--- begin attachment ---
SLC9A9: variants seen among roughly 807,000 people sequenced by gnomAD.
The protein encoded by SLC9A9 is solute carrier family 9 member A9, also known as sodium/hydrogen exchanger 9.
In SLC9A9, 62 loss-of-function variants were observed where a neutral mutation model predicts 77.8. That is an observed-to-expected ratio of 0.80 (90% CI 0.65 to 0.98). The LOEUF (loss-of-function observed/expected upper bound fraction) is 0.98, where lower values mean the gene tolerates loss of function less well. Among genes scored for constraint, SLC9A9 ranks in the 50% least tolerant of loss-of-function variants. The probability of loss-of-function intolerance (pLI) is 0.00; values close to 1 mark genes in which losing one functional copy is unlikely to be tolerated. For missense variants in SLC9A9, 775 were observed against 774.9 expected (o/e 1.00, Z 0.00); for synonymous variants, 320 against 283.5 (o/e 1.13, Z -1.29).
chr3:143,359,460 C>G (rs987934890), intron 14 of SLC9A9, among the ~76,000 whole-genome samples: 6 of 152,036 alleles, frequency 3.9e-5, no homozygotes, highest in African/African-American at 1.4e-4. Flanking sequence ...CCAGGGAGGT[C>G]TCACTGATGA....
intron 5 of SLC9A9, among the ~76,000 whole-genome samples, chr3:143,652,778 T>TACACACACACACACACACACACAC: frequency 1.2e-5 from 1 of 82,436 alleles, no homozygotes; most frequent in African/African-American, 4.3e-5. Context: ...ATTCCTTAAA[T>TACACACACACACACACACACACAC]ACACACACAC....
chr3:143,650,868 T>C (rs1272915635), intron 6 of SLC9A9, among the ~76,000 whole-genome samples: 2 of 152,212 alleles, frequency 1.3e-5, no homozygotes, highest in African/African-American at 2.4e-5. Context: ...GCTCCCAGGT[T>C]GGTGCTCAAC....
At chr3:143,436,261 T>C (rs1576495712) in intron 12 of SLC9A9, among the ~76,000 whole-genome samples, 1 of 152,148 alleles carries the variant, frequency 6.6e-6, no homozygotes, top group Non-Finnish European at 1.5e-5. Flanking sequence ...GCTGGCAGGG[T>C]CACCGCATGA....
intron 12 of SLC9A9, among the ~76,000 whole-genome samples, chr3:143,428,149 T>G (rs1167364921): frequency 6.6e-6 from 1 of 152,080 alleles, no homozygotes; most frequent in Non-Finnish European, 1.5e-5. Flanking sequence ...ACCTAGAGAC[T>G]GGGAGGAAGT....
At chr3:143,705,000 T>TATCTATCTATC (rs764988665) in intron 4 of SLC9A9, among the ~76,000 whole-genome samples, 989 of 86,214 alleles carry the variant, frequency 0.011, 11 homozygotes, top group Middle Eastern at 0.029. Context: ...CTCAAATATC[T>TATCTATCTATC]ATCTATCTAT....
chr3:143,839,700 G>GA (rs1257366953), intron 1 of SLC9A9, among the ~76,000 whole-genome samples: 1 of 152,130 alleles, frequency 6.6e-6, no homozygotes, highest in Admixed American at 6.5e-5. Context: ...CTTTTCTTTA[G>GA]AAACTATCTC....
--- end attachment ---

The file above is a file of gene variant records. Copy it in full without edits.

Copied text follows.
SLC9A9: variants seen among roughly 807,000 people sequenced by gnomAD.
The protein encoded by SLC9A9 is solute carrier family 9 member A9, also known as sodium/hydrogen exchanger 9.
In SLC9A9, 62 loss-of-function variants were observed where a neutral mutation model predicts 77.8. That is an observed-to-expected ratio of 0.80 (90% CI 0.65 to 0.98). The LOEUF (loss-of-function observed/expected upper bound fraction) is 0.98, where lower values mean the gene tolerates loss of function less well. Among genes scored for constraint, SLC9A9 ranks in the 50% least tolerant of loss-of-function variants. The probability of loss-of-function intolerance (pLI) is 0.00; values close to 1 mark genes in which losing one functional copy is unlikely to be tolerated. For missense variants in SLC9A9, 775 were observed against 774.9 expected (o/e 1.00, Z 0.00); for synonymous variants, 320 against 283.5 (o/e 1.13, Z -1.29).
chr3:143,359,460 C>G (rs987934890), intron 14 of SLC9A9, among the ~76,000 whole-genome samples: 6 of 152,036 alleles, frequency 3.9e-5, no homozygotes, highest in African/African-American at 1.4e-4. Flanking sequence ...CCAGGGAGGT[C>G]TCACTGATGA....
intron 5 of SLC9A9, among the ~76,000 whole-genome samples, chr3:143,652,778 T>TACACACACACACACACACACACAC: frequency 1.2e-5 from 1 of 82,436 alleles, no homozygotes; most frequent in African/African-American, 4.3e-5. Context: ...ATTCCTTAAA[T>TACACACACACACACACACACACAC]ACACACACAC....
chr3:143,650,868 T>C (rs1272915635), intron 6 of SLC9A9, among the ~76,000 whole-genome samples: 2 of 152,212 alleles, frequency 1.3e-5, no homozygotes, highest in African/African-American at 2.4e-5. Context: ...GCTCCCAGGT[T>C]GGTGCTCAAC....
At chr3:143,436,261 T>C (rs1576495712) in intron 12 of SLC9A9, among the ~76,000 whole-genome samples, 1 of 152,148 alleles carries the variant, frequency 6.6e-6, no homozygotes, top group Non-Finnish European at 1.5e-5. Flanking sequence ...GCTGGCAGGG[T>C]CACCGCATGA....
intron 12 of SLC9A9, among the ~76,000 whole-genome samples, chr3:143,428,149 T>G (rs1167364921): frequency 6.6e-6 from 1 of 152,080 alleles, no homozygotes; most frequent in Non-Finnish European, 1.5e-5. Flanking sequence ...ACCTAGAGAC[T>G]GGGAGGAAGT....
At chr3:143,705,000 T>TATCTATCTATC (rs764988665) in intron 4 of SLC9A9, among the ~76,000 whole-genome samples, 989 of 86,214 alleles carry the variant, frequency 0.011, 11 homozygotes, top group Middle Eastern at 0.029. Context: ...CTCAAATATC[T>TATCTATCTATC]ATCTATCTAT....
chr3:143,839,700 G>GA (rs1257366953), intron 1 of SLC9A9, among the ~76,000 whole-genome samples: 1 of 152,130 alleles, frequency 6.6e-6, no homozygotes, highest in Admixed American at 6.5e-5. Context: ...CTTTTCTTTA[G>GA]AAACTATCTC....